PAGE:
As more Chinese students return home from overseas every year, 12 Shanghai universities have joined the fall hiring fray to entice U.S. graduates with teaching and research positions.
From Saturday to Tuesday, a job fair organized by the Shanghai Municipal Education Commission that includes top schools Jiaotong and Fudan is touring universities in America’s northeast. The Shanghai institutes will visit Harvard, Columbia, the University of Pennsylvania, and others, reported state-owned newspaper Wenhui Daily.
“We are hiring for all subjects, with a focus on material science, communication and computer, mechanical engineering, business, and art, which are the key disciplines of [our] school,” Mei Weidong, a staff member at Shanghai University’s human resources department, told Sixth Tone.
“The recruitment is not limited to overseas Chinese students, but is also open to high-level foreign experts,” Lu Qi, the vice director of human resources at Shanghai Jiaotong University, told Wenhui Daily.
Half of the Shanghai schools joining the tour are included in a list of 42 Chinese universities the State Council, China’s cabinet, aims to turn into world-class institutions. The list’s primary goal is to build “first-class faculty” and facilitate the import of “world outstanding talents.”
This is the first time Shanghai has organized such a joint hiring fair, but other local education bureaus have undertaken similar excursions in the past. In October 2016, two universities from Qingdao, led by the education bureau of eastern China’s Shandong province, visited North America and returned with cooperation agreements and preliminary contracts for new professors. And in March of this year, 18 universities from Shaanxi province, northwestern China, visited four cities in the U.S. with nearly a thousand open positions available. One hundred and seventy-three people signed contracts on the spot, and more than 400 signed statements of intent.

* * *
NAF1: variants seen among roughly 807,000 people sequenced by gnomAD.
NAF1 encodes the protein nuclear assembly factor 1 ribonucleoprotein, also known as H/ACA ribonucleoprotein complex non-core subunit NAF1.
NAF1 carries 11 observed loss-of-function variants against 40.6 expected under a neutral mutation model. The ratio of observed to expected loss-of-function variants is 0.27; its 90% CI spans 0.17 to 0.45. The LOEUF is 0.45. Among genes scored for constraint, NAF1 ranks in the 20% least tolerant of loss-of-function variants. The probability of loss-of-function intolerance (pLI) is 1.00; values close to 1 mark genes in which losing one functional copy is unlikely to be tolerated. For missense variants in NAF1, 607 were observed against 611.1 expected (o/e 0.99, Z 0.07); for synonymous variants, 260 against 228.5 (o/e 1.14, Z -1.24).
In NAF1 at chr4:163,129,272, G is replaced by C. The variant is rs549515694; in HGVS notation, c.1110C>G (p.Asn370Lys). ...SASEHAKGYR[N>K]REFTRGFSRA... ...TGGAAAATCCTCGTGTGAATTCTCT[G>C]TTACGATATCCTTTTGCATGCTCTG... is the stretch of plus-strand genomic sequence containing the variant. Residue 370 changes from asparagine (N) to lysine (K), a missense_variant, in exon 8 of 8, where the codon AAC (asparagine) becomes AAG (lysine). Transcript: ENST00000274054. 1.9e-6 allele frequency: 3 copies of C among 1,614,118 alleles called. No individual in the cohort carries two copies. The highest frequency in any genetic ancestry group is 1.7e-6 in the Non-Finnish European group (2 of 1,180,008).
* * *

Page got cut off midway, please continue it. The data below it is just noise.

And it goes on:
The Chinese government supports the recruitment of foreign professionals with policies and subsidies. For example, the Global Experts Recruitment Program, which started in 2008, has so far brought in almost 7,000 high-level talents, each of whom received awards ranging from 500,000 and 1 million yuan ($75,000 to $150,000) from the central government, as well as other benefits such as housing stipends.
While universities in the early years focused on hiring foreign professors with established achievements, they have since opted for younger, greener talents. The Thousand Talents Program for Distinguished Young Scholars, introduced in 2010, is a plan to recruit science and technology researchers younger than 40 who have worked overseas for at least three years.
For some scholars working overseas, restrictions on academia have been a deterrent when it comes to accepting Chinese job offers. Nevertheless, many decide to return home. Chinese going abroad to study every year have traditionally vastly outnumbered those who choose to return — in part due to continuous increases in the growth of students going to the U.S. and other countries. But that gap is narrowing: Last year, 544,500 Chinese went abroad to study, while 432,500 returned.
Editor: Kevin Schoenmakers.
(Header image: A Chinese scientist who earned his Ph.D. at the University of Tokyo works at a laboratory in an industrial park in Langfang, Shandong province, Aug. 24, 2011. Sun Shubao/VCG)